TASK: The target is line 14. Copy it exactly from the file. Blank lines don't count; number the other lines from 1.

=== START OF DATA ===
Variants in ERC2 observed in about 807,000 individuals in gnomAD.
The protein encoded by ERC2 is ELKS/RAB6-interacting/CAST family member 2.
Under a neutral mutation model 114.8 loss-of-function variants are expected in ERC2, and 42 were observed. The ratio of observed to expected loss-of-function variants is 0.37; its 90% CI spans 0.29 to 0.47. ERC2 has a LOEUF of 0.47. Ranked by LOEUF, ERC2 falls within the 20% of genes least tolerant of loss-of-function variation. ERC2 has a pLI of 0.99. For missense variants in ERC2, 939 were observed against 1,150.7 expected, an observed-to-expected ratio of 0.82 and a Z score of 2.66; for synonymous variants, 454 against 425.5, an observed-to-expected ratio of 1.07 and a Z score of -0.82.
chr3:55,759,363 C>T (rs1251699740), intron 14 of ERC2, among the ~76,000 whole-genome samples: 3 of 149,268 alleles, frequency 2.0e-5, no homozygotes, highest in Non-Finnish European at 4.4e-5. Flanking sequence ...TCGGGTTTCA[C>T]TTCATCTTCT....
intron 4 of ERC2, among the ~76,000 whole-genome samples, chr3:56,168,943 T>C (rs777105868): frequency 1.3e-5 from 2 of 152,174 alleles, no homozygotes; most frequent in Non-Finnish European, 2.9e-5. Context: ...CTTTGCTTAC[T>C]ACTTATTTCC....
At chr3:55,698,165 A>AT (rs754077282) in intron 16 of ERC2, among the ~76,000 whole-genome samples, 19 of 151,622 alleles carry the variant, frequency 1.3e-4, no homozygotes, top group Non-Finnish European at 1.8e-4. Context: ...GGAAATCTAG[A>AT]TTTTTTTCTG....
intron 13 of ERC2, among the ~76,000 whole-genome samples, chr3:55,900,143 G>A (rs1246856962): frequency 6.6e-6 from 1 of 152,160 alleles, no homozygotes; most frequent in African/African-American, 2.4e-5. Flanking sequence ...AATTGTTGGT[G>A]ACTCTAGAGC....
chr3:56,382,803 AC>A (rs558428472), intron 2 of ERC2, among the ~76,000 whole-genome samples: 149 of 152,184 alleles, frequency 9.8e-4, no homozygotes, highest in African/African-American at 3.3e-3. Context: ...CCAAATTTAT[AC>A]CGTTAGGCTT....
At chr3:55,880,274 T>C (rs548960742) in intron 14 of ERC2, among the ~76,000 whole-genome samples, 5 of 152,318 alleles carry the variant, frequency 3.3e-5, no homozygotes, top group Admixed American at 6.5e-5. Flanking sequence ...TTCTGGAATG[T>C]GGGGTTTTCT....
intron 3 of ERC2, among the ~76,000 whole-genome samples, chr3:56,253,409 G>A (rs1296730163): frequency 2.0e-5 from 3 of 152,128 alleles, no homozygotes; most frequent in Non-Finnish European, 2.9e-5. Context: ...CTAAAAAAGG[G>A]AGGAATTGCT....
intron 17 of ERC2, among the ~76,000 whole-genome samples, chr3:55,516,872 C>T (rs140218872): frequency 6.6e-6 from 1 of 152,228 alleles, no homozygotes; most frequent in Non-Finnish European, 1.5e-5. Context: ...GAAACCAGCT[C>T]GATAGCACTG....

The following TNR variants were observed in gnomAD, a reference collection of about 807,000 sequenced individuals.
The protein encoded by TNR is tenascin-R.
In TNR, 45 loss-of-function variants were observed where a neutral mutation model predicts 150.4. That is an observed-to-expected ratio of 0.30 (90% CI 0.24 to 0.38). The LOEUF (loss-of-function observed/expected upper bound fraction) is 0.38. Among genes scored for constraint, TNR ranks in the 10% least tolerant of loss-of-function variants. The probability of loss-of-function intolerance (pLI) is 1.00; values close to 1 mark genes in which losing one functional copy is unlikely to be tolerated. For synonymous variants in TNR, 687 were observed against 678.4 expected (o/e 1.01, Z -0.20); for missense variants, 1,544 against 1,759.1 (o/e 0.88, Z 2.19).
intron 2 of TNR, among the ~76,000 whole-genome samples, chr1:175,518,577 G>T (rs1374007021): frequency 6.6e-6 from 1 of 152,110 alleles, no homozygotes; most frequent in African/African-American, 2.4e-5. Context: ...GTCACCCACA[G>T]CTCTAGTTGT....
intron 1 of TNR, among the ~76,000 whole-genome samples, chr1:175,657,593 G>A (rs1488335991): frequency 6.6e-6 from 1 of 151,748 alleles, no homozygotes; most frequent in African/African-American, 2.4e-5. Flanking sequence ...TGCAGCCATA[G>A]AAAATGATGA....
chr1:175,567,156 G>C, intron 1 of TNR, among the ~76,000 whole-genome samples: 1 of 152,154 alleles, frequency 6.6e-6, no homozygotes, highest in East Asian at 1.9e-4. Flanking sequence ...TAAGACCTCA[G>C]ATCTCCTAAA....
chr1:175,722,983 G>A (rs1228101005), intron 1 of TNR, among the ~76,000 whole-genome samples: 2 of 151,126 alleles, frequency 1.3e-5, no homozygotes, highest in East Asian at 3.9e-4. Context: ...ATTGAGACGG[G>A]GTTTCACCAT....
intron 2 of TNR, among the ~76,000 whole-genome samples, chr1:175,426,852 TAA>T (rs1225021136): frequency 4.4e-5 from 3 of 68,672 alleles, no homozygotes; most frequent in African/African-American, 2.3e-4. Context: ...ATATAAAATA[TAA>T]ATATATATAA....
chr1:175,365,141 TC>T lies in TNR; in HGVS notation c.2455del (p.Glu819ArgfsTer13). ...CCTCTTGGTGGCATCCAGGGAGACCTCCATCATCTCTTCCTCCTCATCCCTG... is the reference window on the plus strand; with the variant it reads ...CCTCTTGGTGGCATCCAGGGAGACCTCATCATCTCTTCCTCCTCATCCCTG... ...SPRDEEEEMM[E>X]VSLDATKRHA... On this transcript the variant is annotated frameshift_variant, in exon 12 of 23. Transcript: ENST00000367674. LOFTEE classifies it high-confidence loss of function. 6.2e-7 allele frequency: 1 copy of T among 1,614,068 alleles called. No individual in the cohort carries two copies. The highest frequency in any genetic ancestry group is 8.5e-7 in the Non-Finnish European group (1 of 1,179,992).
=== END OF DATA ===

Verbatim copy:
In TNR, 45 loss-of-function variants were observed where a neutral mutation model predicts 150.4. That is an observed-to-expected ratio of 0.30 (90% CI 0.24 to 0.38). The LOEUF (loss-of-function observed/expected upper bound fraction) is 0.38. Among genes scored for constraint, TNR ranks in the 10% least tolerant of loss-of-function variants. The probability of loss-of-function intolerance (pLI) is 1.00; values close to 1 mark genes in which losing one functional copy is unlikely to be tolerated. For synonymous variants in TNR, 687 were observed against 678.4 expected (o/e 1.01, Z -0.20); for missense variants, 1,544 against 1,759.1 (o/e 0.88, Z 2.19).